The work, which is believed to have been composed by Williams as part of his doctorate at Cambridge University, was discovered among manuscripts in the institution’s library and will be premiered next March in a concert at the Fairfield Halls, Croydon.
Recognised as one of England’s greatest ever composers, by the end of his life Williams had composed music covering almost every genre, having written nine symphonies, six operas, a ballet and a variety of hymn tunes and scores for the stage and screen.
Indeed, his philosophy towards music was that it should be available to everyone, regardless of class, which goes some way to explaining why he focused on the simplicity of folk music and church hymns in his work.
“After the exhibition closed, I visited the Manuscripts Room and asked to see the mass. I sat enthralled, turning over the pages in the hushed atmosphere and trying to imagine the sounds. Here was clearly a work from a great composer.”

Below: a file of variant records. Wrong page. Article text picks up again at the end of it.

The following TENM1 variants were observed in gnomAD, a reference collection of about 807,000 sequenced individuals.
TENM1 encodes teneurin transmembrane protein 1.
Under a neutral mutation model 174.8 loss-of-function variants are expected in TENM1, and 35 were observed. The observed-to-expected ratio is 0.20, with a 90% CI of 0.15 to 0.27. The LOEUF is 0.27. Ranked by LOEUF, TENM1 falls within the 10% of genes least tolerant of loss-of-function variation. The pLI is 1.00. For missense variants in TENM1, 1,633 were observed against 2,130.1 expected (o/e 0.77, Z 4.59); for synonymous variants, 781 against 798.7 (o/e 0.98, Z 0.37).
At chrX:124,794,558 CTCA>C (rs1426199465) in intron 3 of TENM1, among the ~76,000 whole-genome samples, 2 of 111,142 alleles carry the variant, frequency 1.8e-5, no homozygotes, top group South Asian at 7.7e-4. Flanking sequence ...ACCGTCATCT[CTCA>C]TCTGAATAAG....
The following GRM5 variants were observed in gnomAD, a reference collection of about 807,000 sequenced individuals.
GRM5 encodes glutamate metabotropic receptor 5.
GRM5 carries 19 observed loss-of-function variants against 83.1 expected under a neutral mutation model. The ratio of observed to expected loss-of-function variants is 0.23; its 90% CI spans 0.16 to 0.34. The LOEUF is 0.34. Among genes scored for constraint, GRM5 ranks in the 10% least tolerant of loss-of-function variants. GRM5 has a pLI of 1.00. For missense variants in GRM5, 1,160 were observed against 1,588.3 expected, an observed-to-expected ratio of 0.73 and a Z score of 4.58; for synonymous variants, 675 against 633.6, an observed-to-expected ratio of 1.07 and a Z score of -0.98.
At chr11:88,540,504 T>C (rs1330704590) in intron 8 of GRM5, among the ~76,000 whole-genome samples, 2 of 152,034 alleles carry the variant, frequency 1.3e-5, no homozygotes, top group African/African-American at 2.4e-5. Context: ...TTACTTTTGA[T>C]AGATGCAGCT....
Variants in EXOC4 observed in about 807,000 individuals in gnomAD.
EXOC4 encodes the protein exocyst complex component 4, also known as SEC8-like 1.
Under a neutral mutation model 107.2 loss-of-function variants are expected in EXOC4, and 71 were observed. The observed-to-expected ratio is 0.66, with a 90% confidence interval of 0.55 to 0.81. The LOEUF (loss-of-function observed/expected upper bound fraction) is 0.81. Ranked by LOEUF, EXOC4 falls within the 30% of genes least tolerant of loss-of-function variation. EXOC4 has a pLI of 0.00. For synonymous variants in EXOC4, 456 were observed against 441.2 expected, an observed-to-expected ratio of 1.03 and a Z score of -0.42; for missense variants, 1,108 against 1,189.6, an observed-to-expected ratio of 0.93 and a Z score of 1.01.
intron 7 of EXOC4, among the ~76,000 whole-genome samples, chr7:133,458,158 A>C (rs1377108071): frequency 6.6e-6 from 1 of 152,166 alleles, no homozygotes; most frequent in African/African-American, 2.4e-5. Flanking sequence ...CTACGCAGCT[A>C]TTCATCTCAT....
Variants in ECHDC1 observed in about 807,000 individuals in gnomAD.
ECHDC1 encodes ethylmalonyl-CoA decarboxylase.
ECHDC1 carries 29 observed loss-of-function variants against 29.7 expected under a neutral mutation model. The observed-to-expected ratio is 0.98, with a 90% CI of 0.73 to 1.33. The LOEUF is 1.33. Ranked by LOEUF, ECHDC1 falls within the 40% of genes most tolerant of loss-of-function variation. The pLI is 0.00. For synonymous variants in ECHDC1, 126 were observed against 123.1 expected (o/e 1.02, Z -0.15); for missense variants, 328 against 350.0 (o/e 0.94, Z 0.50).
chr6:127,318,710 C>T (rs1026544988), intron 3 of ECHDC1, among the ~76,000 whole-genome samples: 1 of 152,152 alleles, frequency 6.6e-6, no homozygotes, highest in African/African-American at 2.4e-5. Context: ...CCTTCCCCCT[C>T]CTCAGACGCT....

Meanwhile, Dr Paul Wingfield, director of studies in music at Trinity College, told Classic FM that it was amazing that the work had been undiscovered for such a long period of time.
“It is in retrospect embarrassing that scholars have overlooked something that was right under their noses for so long, and it reminds us how wrong were the Cambridge tutors who predicted that Vaughan Williams would never amount to much as a composer,” he added.
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